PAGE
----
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Example 5 - Writing Form Data to a File

The previous example illustrated how to use PHP to read form data. In many cases you will also want to store the information submitted in a file or database. For example, if you are conducting an online survey you would want to write the survey results to a file so you can analyze them later. This example reads the input from the Example 4 form and writes it to a tab-delimited text file on the server.

In order to properly store the files on this server and increase the security of your data, your PHP scripts will need to run as CGIs. be located in a specific location. The files that you save can be located anywhere within your directory space, however the PHP script should be located in your publishing space in your home directory. For more details on how to set up your home directory, please see the documentation on setting up CGI-WRAP.

If you are new to Unix, we also recommend that you look at a quick overview of common UNIX Commands.

<HTML>
<HEAD>
<TITLE> Example 5 </TITLE>
</HEAD>
<BODY>

<?  

// The next line opens a file handle to a file called output.txt
// the file handle is like an alias to the file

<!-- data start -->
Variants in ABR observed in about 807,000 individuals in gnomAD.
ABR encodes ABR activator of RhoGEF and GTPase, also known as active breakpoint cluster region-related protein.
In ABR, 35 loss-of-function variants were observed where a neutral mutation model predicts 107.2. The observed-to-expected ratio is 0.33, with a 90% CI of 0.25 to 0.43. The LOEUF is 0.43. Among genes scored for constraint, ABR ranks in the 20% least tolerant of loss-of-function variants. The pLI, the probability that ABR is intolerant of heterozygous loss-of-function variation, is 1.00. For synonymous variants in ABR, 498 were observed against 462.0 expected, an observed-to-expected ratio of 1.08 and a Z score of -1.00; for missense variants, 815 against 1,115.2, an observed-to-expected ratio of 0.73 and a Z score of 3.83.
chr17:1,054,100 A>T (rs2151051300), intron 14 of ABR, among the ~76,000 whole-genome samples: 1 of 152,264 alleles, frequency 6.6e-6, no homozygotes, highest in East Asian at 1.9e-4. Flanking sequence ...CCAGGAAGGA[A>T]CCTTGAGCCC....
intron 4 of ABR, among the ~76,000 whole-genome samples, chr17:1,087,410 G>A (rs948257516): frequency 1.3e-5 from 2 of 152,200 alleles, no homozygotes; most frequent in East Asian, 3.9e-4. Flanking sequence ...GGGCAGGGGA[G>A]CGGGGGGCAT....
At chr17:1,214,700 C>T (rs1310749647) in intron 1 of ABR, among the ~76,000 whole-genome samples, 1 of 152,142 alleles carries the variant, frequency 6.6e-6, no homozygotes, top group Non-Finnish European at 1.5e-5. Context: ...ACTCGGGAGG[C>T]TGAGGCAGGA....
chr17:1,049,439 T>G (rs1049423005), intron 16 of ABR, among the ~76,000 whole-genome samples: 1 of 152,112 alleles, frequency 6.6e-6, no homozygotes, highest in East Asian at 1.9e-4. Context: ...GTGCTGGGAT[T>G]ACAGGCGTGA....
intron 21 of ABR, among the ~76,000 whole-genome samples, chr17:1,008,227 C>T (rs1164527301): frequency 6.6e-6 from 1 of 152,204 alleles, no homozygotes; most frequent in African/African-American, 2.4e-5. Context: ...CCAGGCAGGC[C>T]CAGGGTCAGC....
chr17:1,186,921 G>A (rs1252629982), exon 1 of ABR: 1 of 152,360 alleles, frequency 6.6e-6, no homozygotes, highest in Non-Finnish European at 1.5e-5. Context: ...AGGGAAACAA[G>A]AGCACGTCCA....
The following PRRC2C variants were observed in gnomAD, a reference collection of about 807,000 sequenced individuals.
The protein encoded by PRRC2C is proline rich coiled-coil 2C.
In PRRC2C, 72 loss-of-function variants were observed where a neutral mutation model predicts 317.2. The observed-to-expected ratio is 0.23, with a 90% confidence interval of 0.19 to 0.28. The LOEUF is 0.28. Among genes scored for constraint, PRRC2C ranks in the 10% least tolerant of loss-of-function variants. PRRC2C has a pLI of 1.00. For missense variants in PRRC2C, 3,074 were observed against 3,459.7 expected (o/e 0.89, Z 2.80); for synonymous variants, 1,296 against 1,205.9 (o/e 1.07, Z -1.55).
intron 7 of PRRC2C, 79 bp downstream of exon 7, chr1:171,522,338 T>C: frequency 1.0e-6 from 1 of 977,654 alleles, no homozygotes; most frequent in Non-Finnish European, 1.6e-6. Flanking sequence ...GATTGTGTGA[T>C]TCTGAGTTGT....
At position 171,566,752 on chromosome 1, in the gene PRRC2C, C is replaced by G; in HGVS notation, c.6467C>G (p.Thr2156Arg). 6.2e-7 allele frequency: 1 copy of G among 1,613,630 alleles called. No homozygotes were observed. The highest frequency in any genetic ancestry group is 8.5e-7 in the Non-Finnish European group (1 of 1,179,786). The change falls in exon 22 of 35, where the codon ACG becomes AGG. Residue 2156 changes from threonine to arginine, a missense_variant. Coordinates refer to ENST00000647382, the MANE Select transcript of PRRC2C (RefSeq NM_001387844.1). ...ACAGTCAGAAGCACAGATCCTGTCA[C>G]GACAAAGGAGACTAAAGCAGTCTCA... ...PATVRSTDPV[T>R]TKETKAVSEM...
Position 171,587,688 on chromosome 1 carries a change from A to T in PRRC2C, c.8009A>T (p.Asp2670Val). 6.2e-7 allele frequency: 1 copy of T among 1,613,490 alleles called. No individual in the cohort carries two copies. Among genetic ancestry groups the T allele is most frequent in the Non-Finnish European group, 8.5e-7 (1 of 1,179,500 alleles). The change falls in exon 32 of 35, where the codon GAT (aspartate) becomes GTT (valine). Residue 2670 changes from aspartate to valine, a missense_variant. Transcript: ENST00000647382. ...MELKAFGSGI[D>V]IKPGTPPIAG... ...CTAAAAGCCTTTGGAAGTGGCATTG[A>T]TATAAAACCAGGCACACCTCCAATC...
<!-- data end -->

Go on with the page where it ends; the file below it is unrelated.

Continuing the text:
// the a in the fopen function means append so entries
// will be appended to the output.txt file

$out = fopen("output.txt", "a");
 
// if the file could not be opened for whatever reason, print 
// an error message and exit the program

if (!$out) {
    print("Could not append to file");
    exit;
}

// fputs writes output to a file.  the syntax is where to write
// followed by what to write

// $name is the contents of the name field in the sample form
// \t represents a tab character and \n represents a new line


fputs($out,"$_POST[name]\t");
fputs($out,"$_POST[yearborn]\t");
fputs($out,"$_POST[favcolor]\t");
fputs($out,"$_SERVER[REMOTE_ADDR]\n");
print("Thanks you for completing our survey.  You have been assimilated.");

fclose($out);

?>


</BODY>
</HTML>

The key elements of the above example are the fopen function to open the output.txt file for appending and the fputs statements to put things into those files.

Note for UT Austin Web Central Users: Because Web Central runs PHP in safe mode, the file that you write to must already exist (it can be empty) and it must be either owned by you or group writable by the Web server. WE encourage you to execute PHP scripts that need to write data in your home directory on UTS. If you have questions about this, we suggest making an appointment with a Teamweb consultant.

Test Example 5

View Source Code

PHP Manual Pages

 
   

  Updated 2011 June 17
  Comments to www@www.utexas.edu